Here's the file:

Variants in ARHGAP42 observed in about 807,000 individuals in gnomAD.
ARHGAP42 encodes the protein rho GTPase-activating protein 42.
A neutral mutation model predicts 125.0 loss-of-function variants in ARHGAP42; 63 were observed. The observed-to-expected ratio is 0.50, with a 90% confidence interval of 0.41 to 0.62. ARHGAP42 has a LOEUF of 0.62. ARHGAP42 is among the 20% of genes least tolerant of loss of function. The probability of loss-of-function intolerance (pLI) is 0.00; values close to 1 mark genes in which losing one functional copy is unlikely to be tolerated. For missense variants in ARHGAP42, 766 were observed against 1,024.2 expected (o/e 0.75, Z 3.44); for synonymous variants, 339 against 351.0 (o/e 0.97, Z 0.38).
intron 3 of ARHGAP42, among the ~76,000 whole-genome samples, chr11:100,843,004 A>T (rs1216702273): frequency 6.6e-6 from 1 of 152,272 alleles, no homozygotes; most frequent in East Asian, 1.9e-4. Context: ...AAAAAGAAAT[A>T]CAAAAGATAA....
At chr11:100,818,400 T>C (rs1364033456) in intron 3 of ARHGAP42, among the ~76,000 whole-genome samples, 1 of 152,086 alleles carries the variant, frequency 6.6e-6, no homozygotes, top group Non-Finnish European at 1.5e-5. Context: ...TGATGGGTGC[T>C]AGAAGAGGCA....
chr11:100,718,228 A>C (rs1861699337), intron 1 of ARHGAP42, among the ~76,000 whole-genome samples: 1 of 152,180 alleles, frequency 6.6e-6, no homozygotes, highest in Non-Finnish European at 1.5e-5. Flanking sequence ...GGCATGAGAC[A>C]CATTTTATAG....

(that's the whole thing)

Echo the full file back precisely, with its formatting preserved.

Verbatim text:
Variants in ARHGAP42 observed in about 807,000 individuals in gnomAD.
ARHGAP42 encodes the protein rho GTPase-activating protein 42.
A neutral mutation model predicts 125.0 loss-of-function variants in ARHGAP42; 63 were observed. The observed-to-expected ratio is 0.50, with a 90% confidence interval of 0.41 to 0.62. ARHGAP42 has a LOEUF of 0.62. ARHGAP42 is among the 20% of genes least tolerant of loss of function. The probability of loss-of-function intolerance (pLI) is 0.00; values close to 1 mark genes in which losing one functional copy is unlikely to be tolerated. For missense variants in ARHGAP42, 766 were observed against 1,024.2 expected (o/e 0.75, Z 3.44); for synonymous variants, 339 against 351.0 (o/e 0.97, Z 0.38).
intron 3 of ARHGAP42, among the ~76,000 whole-genome samples, chr11:100,843,004 A>T (rs1216702273): frequency 6.6e-6 from 1 of 152,272 alleles, no homozygotes; most frequent in East Asian, 1.9e-4. Context: ...AAAAAGAAAT[A>T]CAAAAGATAA....
At chr11:100,818,400 T>C (rs1364033456) in intron 3 of ARHGAP42, among the ~76,000 whole-genome samples, 1 of 152,086 alleles carries the variant, frequency 6.6e-6, no homozygotes, top group Non-Finnish European at 1.5e-5. Context: ...TGATGGGTGC[T>C]AGAAGAGGCA....
chr11:100,718,228 A>C (rs1861699337), intron 1 of ARHGAP42, among the ~76,000 whole-genome samples: 1 of 152,180 alleles, frequency 6.6e-6, no homozygotes, highest in Non-Finnish European at 1.5e-5. Flanking sequence ...GGCATGAGAC[A>C]CATTTTATAG....